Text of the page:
Ugandan satellite PearlAfricaSat-1 to be launched to the International Space Station in August

The PearlAfricaSat-1 via Bonny Omara on Twitter

Uganda has completed the development of its first satellite, to bring its aspirations in the field of outer space and space technology closer. In April 2020, Uganda began the path to launch its first satellite into space by sending three graduate students to obtain training in satellite design, manufacture and testing as part of a global program initiated in 2015 by the Kyushu Institute of Technology in Japan.

On Tuesday, May 10, 2022, the three students: Edgar Mugoni, Derek Tebuswicki and Bonnie O’Mara have successfully completed their work on a 10 cubic meter satellite named PearlAfricaSat-1 and have now handed it over to the Japan Aerospace Exploration Agency (JAXA) for final testing.

Dr. Monica Musinero, Minister of Science, Technology and Innovation, indicated that, within five to eight days, JAXA will conduct a test on Uganda’s first satellite and deliver it to the United States National Aeronautics and Space Administration (NASA). ) for transport to the International Space Station. The satellite will later be deployed from the International Space Station to low Earth orbit, initially in August of this year.

“These students have completed the development of this satellite, and this morning we participated remotely in an event in the Prime Minister’s office where the government of Uganda, represented by the nation’s ambassador to Japan, handed over this satellite to the Japan Space Agency to finish some tests and those tests within About five days, after which it will wait for launch with other satellites by NASA in August.”

The engineers designed PearlAfricaSat-1 to provide research and monitoring data in six core areas. These areas include weather forecasts. land, water and mineral mapping; agriculture control; infrastructure planning; Border security and disaster prevention.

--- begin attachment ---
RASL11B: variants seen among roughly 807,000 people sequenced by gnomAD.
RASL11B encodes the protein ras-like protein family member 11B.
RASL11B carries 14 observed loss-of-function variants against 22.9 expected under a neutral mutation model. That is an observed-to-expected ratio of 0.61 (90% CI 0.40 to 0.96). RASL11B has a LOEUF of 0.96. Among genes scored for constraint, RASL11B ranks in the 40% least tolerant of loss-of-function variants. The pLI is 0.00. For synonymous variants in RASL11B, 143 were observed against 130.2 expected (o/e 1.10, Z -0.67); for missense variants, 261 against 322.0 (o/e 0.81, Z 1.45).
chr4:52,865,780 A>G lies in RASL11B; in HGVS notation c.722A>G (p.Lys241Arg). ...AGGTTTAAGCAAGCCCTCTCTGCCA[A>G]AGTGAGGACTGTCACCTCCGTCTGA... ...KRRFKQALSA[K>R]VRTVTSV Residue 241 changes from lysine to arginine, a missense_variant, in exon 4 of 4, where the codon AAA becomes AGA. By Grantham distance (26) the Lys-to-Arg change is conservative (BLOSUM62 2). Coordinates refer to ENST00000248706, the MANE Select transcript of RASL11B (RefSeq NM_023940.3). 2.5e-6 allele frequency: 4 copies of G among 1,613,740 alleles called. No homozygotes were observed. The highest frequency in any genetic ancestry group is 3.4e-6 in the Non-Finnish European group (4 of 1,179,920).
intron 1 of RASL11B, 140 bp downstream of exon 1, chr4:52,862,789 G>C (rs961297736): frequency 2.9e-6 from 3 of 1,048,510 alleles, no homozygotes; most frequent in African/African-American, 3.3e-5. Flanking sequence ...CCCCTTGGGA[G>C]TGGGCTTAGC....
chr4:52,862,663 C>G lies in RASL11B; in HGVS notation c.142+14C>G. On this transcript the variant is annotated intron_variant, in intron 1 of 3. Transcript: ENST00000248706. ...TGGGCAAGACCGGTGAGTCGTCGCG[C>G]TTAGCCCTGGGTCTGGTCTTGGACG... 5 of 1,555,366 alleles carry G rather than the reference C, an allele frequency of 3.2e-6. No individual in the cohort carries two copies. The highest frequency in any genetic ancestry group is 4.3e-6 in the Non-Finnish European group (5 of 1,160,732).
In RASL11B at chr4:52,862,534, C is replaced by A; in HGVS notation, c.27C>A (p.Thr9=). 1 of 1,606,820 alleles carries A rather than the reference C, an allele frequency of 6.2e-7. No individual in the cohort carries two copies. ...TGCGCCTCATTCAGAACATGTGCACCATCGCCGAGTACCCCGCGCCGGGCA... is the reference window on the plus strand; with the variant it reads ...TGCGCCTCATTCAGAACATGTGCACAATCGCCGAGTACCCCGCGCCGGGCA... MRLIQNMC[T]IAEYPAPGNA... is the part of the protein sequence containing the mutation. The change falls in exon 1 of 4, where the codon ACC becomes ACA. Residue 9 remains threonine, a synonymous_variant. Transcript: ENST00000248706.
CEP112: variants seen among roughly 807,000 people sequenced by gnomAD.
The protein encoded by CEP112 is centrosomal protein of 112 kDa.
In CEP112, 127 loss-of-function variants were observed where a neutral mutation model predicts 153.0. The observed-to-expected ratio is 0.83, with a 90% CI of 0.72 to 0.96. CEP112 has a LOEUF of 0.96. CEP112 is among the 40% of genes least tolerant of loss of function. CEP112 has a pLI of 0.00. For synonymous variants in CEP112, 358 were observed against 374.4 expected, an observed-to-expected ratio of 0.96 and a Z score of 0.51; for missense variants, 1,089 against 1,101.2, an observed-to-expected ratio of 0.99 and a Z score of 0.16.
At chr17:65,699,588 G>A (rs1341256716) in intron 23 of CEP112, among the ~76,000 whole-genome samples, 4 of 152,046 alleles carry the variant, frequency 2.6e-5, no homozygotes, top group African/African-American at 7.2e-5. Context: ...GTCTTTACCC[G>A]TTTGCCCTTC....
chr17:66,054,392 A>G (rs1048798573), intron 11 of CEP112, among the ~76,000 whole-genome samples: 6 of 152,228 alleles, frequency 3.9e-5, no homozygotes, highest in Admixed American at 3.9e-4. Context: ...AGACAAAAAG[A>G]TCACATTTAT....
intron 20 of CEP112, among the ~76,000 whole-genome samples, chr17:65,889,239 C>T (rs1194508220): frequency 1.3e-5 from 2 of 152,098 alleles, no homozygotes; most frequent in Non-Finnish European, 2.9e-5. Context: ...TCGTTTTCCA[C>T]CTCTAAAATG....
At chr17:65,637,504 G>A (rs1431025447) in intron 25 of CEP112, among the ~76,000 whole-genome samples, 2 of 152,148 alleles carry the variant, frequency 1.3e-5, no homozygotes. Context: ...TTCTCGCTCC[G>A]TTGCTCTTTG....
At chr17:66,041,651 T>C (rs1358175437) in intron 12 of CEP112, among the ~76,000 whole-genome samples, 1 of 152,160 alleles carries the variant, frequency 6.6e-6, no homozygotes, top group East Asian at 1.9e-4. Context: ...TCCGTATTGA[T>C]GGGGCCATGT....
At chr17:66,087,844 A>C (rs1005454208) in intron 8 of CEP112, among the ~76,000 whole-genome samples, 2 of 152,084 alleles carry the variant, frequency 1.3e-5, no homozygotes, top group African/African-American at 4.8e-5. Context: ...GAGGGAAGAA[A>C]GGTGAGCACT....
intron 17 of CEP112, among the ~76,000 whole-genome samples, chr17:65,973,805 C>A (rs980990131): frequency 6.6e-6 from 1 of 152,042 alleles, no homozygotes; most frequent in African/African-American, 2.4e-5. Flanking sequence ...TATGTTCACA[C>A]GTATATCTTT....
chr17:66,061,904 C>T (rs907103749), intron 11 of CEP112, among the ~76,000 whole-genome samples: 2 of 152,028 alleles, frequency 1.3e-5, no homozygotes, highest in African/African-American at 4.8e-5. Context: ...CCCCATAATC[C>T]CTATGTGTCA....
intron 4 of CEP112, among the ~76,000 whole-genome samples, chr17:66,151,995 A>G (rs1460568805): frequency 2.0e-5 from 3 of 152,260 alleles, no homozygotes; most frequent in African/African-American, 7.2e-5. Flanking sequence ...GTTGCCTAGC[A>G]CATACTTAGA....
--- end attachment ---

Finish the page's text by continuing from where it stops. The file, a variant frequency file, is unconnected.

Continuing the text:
The primary tasks of the PearlAfricaSat-1 are a multispectral camera payload. The multispectral camera mission will provide 20m resolution images of Uganda to facilitate water quality, soil fertility, land use and cover analysis. The satellite will play a vital role in operating the oil and gas by monitoring the crude oil pipeline in East Africa. This will enable accurate weather forecasting by collecting remote sensor data to predict landslides and droughts. Once the satellite is in orbit, a Ugandan ground station will monitor its health for a few days before it begins carrying out its mission.

In 2019, Uganda’s Minister of Science, Technology and Innovation announced that the country had allocated a budget for capacity development in satellite development, which would see the nation launch its first satellite by 2022. Moreover, Uganda has plans to build a second satellite in Uganda with capacity development Young local engineers. Uganda plans to launch this second satellite by the end of 2024.

With expected launch dates approaching, Mosinero indicated that they are beginning to conduct initial evaluations of the redevelopment of the Mboma Earth space station. The minister added that while the expected redevelopment of Mbuma would be an important project, in the meantime, a group of Ugandans would be installing sensor stations. This group of Ugandans will include the aforementioned students as the station will facilitate satellite communication in one of the existing structures. Although the minister indicated that the government has not yet put in place the expected amount of funds for the redevelopment, local sources learned that the government has allocated US$200,000 (about Sh716.3 million) to improve the infrastructure at the station.

The station will be under the Uganda People’s Defense Force (UPDF), Uganda Telecom Limited (UTL) and the Ministry of Science and Technology, and the Space Innovation Programme.